Part (A) in black printed with polypropylene (PP) shows notable warpage in the side wall compared with the same part (B) printed with clear Ingeo 3D700 even when print conditions were optimized for each material. Parts courtesy of Dyze Design.
NatureWorks (Minnetonka, Minn., U.S.) continues to grow its portfolio of Ingeo biopolymers designed for additive manufacturing (AM) with the introduction of Ingeo 3D700, a new PLA grade for use in large-format additive manufacturing (LSAM). NatureWorks notes that monofilaments made with this PLA grade, broadly used in the desktop 3D printing market, have shown notable performance characteristics such as precise detail, good adhesion to build plates with no heating needed, reduced warping or curling and low odor while printing. These properties are said to make Ingeo 3D700 ideal for 3D printing using many different types of printers and for a broad range of printing applications from consumer-level to industrial applications.
In large-format printing, the higher rate and volume of polymer deposition can quickly result in excessive warpage with certain materials, like ABS, or significant shrinkage as with some polyolefins or some general-purpose PLA grades. Warpage pulls the part away from the print bed or causes layer separation, resulting in failed prints. Controlling the polymer-microstructure, NatureWorks’ amorphous PLA grade, Ingeo 3D700, offers a low material shrink rate, which reduces warpage, improves gap fill and adhesion and ensures successful prints.
Further, the need for added reinforcements such as mineral fillers, glass, carbon or cellulosic fiber to reduce part warpage have been minimized. If a specialty print requires additional reinforcement, then cellulose-based additives are easily compounded with Ingeo 3D700, creating a bio-based compound alternative to high-cost petrochemical-based compounds such as carbon fiber ABS.
According to NatureWorks, multiple partners evaluated Ingeo 3D700 for use in large-format fused filament fabrication (FFF) and direct resin-to-print processes with positive results. For example, in addition to going one step further towards reducing warpage in large-format prints beyond previous Ingeo PLA grades designed for 3D printing, Polymaker (Shanghai, China), a leading manufacturer of 3D printing material and filament measured improved Z-layer adhesion when printing with Ingeo 3D700.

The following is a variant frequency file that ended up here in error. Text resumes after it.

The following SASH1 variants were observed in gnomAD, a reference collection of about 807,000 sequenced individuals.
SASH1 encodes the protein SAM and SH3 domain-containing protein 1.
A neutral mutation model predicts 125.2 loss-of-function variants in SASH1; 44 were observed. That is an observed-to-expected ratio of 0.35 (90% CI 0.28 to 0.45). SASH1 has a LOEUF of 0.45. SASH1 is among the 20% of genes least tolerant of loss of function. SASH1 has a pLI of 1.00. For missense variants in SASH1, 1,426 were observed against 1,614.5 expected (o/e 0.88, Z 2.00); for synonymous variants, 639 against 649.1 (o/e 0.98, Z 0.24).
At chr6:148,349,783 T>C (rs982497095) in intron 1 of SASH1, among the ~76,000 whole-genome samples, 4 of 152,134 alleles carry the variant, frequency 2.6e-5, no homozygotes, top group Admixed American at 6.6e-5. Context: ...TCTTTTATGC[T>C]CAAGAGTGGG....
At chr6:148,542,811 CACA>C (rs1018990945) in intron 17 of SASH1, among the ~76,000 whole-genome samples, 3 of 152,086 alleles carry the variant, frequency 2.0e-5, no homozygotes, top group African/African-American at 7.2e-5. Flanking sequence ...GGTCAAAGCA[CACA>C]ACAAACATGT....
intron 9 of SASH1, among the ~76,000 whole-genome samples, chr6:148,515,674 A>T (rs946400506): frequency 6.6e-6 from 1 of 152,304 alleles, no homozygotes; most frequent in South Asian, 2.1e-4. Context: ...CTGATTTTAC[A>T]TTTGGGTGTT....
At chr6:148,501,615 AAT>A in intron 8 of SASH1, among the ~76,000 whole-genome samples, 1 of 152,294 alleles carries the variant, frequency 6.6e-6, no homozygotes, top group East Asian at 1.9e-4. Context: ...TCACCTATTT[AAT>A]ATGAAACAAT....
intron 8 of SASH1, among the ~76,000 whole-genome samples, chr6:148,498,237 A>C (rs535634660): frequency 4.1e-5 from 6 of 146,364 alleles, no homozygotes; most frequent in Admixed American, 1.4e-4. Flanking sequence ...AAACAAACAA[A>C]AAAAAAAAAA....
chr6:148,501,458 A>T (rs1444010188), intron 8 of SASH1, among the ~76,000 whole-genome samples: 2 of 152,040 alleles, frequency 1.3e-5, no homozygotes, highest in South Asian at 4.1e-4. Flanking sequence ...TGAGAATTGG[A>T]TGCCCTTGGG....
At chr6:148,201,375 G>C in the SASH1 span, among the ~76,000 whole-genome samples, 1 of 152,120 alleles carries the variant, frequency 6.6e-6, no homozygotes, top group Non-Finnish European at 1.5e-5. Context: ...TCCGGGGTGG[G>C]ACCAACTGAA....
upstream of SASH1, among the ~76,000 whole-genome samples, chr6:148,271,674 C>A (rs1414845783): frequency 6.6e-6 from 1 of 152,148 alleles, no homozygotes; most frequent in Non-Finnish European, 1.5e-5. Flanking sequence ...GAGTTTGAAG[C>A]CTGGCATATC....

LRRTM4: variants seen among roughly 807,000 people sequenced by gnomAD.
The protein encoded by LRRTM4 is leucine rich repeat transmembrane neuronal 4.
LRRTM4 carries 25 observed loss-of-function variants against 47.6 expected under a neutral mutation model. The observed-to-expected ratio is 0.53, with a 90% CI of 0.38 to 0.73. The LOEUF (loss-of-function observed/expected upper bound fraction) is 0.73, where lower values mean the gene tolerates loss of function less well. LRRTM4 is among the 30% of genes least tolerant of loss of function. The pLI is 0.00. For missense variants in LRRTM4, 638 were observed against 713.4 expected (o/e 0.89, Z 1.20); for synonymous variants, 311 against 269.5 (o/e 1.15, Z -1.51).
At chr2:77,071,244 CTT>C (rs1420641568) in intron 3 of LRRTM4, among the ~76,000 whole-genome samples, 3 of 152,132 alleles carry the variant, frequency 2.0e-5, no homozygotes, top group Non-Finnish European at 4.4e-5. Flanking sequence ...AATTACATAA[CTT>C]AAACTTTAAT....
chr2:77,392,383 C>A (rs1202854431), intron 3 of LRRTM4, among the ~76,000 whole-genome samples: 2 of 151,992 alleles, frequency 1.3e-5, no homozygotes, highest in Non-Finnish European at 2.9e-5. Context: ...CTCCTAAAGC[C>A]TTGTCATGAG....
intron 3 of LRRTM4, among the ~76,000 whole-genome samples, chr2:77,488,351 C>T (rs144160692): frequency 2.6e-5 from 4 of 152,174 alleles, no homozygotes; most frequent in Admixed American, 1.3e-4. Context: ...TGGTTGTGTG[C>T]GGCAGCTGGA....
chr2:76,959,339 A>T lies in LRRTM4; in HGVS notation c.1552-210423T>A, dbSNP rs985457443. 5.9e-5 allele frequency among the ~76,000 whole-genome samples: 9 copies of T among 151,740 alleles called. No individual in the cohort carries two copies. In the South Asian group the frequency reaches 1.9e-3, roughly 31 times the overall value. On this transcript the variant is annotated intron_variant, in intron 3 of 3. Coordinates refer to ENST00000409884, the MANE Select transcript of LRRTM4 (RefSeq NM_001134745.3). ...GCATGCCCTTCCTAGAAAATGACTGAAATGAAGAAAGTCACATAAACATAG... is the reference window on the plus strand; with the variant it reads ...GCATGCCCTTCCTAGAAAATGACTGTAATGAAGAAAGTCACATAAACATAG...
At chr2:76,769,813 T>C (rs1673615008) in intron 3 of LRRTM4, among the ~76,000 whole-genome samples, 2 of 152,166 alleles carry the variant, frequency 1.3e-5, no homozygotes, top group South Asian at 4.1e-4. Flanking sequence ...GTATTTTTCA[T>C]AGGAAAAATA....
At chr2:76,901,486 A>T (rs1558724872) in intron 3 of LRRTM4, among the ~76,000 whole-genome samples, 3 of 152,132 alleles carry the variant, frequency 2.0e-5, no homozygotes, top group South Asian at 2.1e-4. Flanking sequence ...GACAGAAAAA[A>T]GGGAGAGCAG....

Dyze Design (Quebec, Canada) an extruder designer and supplier of components for large-format printers, ran print tests comparing Ingeo 3D850, a grade already known for its low-shrink characteristics, and Ingeo 3D700. The tests, according to the company, indicate that a large-format part printed using Ingeo 3D850 demonstrated a shrink rate of 1.25%. In comparison, the same part printed with Ingeo 3D700 had a shrink rate of less than 0.25%. Retaining a higher throughput rate, Dyze Design was also able to successfully print at a lower temperature of 190ºC without seeing shrinkage or warpage in the part.
Filament manufacturer, MCPP (Helmond, Netherlands), conducted printing tests using filament made from Ingeo 3D700 and demonstrated a 11-13% increase in flow rate due to the optimized melt viscosity, compared to a general-purpose PLA. According to MCPP, this resulted in improved gap fill and adhesion between perimeter layers, suggesting its suitability for fused granular fabrication (FGF) 3D printing.
Ingeo 3D700 is now available for use as resin pellets for direct resin-to-print processes or as filament for FFF process in the U.S., Asia, and Europe.